Aroy Mak's Notes
Tony's Notes & Links
Somethings I think may edify and strenghten
17 Now the Lord is that Spirit: and where the Spirit of the Lord is, there is liberty
Who also hath made us able ministers of the new testament; not of the letter, but of the spirit: for the letter killeth, but the spirit giveth life.
So don’t be religious—it gets you no where and sustain the Spirit of the Lord where by you are free—–Just a thought—this way no institution can enslave with dogma or doctrine
Tony’s Youtube Videos: Visual Alternatives to the alternatives
Tony’s Bitchute Videos: The Tech Side of Health–DIY Independz – Hands On to R & D to Healing and Protection
Alternatives in the Audio realm: http://independz.podbean.com/
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Aroy Mak’s Channel and information on health and current events
Yannis’ interview with Shay
Shay’s website (in Hebrew)
Abstact: Superstructured colloidal materials exploit the synergies between components to develop new or enhanced functions. Cohesion is a primary requirement for scaling up these assemblies into bulk materials, and it has only been fulfilled in case-specific bases. Here, we demonstrate that the topology of nanonetworks formed from cellulose nanofibrils (CNFs) enables robust superstructuring with virtually any particle. An intermixed network of fibrils with particles increases the toughness of the assemblies by up to three orders of magnitude compared, for instance, to sintering. Supramolecular cohesion is transferred from the fibrils to the constructs following a power law, with a constant decay factor for particle sizes from 230 nm to 40 μm. Our findings are applicable to other nanofiber dimensions via a rationalization of the morphological aspects of both particles and nanofibers. CNF-based cohesion will move developments of functional colloids from laboratory-scale toward their implementation in large-scale nanomanufacturing of bulk materials.
To read more click on the picture
Ultraviolet LEDs prove effective in eliminating coronavirus from surfaces and, potentially, air and water
As COVID-19 continues to ravage global populations, the world is singularly focused on finding ways to battle the novel coronavirus. That includes the UC Santa Barbara’s Solid State Lighting & Energy Electronics Center (SSLEEC) and member companies. Researchers there are developing ultraviolet LEDs that have the ability to decontaminate surfaces — and potentially air and water — that have come in contact with the SARS-CoV-2 virus.
“One major application is in medical situations — the disinfection of personal protective equipment, surfaces, floors, within the HVAC systems, et cetera,” said materials doctoral researcher Christian Zollner, whose work centers on advancing deep ultraviolet light LED technology for sanitation and purification purposes. He added that a small market already exists for UV-C disinfection products in medical contexts.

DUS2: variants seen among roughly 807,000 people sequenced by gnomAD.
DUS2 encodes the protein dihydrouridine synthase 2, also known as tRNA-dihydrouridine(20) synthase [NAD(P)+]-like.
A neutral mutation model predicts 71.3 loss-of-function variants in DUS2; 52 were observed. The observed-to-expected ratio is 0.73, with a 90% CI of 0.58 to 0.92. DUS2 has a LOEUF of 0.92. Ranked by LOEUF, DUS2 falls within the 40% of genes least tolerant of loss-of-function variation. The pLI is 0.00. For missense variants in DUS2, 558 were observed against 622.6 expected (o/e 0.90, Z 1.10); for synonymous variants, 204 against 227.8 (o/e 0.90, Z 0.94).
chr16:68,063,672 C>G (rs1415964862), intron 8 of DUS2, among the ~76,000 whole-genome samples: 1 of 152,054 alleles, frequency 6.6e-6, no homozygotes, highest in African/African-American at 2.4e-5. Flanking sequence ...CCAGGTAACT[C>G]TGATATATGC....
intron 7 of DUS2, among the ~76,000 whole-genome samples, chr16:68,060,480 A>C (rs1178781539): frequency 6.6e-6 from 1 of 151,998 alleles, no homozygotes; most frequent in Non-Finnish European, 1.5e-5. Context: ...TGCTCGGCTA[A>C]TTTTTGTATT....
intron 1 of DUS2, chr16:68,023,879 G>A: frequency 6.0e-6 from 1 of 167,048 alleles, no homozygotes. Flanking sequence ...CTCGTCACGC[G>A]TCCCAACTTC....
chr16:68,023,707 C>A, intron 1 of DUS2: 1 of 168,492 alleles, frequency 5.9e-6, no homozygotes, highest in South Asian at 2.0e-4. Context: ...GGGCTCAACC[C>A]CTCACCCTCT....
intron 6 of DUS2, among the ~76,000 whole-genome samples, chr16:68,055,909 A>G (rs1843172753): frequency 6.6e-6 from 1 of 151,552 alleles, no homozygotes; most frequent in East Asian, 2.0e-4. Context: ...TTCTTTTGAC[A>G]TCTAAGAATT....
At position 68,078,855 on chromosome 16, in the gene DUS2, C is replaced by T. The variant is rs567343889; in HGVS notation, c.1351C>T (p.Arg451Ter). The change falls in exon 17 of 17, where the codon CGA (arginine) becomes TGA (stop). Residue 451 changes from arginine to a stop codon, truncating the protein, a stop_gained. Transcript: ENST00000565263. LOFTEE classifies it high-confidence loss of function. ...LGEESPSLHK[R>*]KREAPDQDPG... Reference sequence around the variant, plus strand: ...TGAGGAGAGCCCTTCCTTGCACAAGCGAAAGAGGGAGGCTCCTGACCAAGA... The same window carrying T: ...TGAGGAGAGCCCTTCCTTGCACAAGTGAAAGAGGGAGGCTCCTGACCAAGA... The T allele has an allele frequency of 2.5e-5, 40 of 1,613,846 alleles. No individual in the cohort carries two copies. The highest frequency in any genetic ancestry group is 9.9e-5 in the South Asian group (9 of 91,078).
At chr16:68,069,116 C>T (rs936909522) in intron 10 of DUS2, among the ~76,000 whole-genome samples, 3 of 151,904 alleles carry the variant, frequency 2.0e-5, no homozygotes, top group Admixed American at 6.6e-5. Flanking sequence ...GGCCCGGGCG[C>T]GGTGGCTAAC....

To read more click here
Also, Facility Solutions Group (FSG), has a very informative article on the same topic:
For decades, the world has been harnessing ultraviolet (UV) light as a tool. Its power to sterilize has made it essential to the drinking water of billions of people. Research laboratories operate powerful UV lights to clean germs from sensitive equipment. Hospitals and medical facilities use UV light to disinfect and decontaminate surfaces and implements.
But why? What makes UV light so special? What is UV light, even, and how is it different from “normal” light? Most importantly, how does it work to sterilize, clean, and disinfect?
What is UV light?
Ultraviolet light is, literally, beyond the bluest light our eyes can see. Whereas visible light waves have a wavelength anywhere between 380 to 740 nanometers, ultraviolet only reaches as high as 400 nm, and drops as low as 10 nm. That takes essentially all UV light out of visual range.
How does UV light kill germs?
On the spectrum, UV light is subdivided into three smaller bands: UV-A (long-wave), UV-B (middle-wave), and UV-C (short-wave). UV-A has the longest wavelength and is closest to the visible part of the spectrum. UV-C has very short wavelengths and is therefore extremely energetic.
Read whole blog article from FSG here
The state’s highest court issued a 4-3 ruling describing the restrictions as “unlawful, invalid, and unenforceable.” The decision comes after Republican lawmakers sued Department of Health Services Secretary-designee Andrea Palm, after she unilaterally extended the state’s “Safer at Home” emergency order in mid-April. The measures were first implemented in March and were set to expire on May 26.
Wisconsin has already started to ease restrictions, allowing golf courses, public libraries and arts and crafts stores – all initially deemed “non-essential” – to reopen. The ruling appears to nullify the distinction between essential and non-essential businesses. The Tavern League of Wisconsin, a bar and tavern trade association, told its members that it was now legal to open their doors to customers.